In a press conference at the Australian Open, Roger Federer commented on how getting older adds to the recovery time. The 37-year-old said: 'I think what happens with age maybe the most is that certain things take longer to recover from.
Let's just say, whereas in the past, I don't want to say 27, because 27 you're already like 15 years or 10 years into your career, but when you're, like, young, let's just say you have, I don't know, a pain in let's just say the elbow, sort of next day you can play with it, two days later it's like you never had it.
'All of a sudden at maybe 30, 35, 40, depending on who you are, what problems you've had, you will just feel it for two weeks. You can still play, but now you're playing with pain. It just takes longer to get rid of.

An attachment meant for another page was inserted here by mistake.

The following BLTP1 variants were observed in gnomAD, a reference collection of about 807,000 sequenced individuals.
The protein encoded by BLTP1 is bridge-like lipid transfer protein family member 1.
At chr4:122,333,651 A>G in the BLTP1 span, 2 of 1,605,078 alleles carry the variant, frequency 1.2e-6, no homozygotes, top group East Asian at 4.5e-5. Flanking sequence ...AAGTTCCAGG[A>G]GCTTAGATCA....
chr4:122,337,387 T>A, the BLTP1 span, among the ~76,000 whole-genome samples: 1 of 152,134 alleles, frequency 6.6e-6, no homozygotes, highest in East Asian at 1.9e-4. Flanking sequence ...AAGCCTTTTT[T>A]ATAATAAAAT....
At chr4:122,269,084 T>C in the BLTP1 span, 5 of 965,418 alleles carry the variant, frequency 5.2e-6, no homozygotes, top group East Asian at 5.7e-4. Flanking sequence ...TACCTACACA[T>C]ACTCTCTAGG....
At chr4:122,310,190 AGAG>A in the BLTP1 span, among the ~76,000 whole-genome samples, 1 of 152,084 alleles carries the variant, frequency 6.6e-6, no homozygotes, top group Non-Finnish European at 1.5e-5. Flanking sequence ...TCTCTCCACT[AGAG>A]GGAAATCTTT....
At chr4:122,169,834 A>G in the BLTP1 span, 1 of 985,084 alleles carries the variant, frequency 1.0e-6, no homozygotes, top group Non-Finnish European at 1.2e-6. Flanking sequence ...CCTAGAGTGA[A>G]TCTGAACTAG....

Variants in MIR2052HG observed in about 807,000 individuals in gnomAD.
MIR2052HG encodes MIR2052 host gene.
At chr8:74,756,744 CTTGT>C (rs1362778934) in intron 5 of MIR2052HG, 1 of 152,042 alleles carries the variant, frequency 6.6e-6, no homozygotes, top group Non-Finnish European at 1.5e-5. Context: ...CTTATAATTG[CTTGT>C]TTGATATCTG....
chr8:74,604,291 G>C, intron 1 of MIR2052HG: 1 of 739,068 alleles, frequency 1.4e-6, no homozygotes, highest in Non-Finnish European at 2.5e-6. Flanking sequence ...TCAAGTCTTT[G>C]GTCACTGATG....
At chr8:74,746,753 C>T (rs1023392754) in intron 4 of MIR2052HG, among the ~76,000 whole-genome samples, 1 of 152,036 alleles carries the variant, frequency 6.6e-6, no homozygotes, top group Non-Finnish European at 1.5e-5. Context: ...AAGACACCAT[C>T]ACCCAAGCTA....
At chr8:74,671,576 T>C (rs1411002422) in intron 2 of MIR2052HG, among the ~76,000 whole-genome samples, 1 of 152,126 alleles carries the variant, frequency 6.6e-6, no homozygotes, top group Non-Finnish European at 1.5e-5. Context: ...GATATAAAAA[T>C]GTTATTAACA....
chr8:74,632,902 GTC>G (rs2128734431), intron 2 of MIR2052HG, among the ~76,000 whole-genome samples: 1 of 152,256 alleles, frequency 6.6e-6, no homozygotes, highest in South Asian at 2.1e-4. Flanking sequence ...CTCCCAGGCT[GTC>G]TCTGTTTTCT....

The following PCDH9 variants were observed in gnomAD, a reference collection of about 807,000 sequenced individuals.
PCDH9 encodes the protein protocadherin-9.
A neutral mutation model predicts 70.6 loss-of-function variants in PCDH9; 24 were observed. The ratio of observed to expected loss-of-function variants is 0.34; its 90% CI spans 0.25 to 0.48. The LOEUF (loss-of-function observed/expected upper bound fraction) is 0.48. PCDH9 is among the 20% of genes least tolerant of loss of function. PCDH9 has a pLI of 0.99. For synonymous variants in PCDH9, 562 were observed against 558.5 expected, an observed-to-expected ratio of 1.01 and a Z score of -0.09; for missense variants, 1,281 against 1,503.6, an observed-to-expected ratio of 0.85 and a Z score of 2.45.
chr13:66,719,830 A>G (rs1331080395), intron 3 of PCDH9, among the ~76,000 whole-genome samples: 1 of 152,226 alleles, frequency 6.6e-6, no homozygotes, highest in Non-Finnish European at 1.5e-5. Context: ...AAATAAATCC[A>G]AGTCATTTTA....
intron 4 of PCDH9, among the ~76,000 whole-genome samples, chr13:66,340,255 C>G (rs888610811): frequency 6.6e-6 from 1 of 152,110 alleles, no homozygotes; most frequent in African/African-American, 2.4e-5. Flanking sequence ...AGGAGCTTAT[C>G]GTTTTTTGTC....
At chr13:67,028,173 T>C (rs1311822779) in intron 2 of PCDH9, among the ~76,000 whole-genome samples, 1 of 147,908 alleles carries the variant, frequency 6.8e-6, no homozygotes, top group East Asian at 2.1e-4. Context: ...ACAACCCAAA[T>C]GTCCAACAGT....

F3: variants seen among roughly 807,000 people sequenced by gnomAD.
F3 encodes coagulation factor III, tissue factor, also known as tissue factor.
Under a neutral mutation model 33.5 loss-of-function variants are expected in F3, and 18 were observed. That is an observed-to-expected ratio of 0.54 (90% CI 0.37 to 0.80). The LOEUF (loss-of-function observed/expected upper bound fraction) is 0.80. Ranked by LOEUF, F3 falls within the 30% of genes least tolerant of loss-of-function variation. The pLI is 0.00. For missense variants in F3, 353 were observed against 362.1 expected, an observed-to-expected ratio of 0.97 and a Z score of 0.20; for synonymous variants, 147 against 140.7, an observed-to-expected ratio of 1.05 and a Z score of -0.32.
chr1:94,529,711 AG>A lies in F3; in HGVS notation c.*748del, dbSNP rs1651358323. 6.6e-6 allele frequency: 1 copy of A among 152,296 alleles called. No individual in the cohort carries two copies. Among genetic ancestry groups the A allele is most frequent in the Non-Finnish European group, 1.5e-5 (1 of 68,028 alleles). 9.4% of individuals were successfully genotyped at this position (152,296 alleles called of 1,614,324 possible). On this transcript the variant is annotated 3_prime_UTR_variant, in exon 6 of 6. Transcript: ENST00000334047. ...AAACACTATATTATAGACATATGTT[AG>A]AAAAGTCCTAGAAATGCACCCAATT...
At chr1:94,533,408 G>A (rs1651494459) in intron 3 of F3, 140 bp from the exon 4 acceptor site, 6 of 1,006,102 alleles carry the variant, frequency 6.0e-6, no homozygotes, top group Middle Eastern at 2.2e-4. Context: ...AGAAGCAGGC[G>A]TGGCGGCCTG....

Again, everybody is very different. Everybody takes the pain differently. I think then that's also where you have to be very wise what kind of schedule you're playing with, what problem you're dealing with.' Federer also talked about the differences in each player's physique contributing to their recovery time.
He said, 'I think everybody is a bit different, you know, how they react to recovery or how they react to a hard match. Probably every player has some sort of weak spot in their body. For some it's the foot. For some it's the hip.
For some it's the knee. For some it's the back. For some it's the elbow. For some it's the shoulder. Whatever it may be, that's then their ongoing problem probably for a long period of time. Once you have that, that part of the body probably takes the longest time to heal or recover.
That can be at one point, well, it just doesn't get that much better.' ALSO READ: Rafael Nadal: Worse players than David Ferrer won a Grand Slam title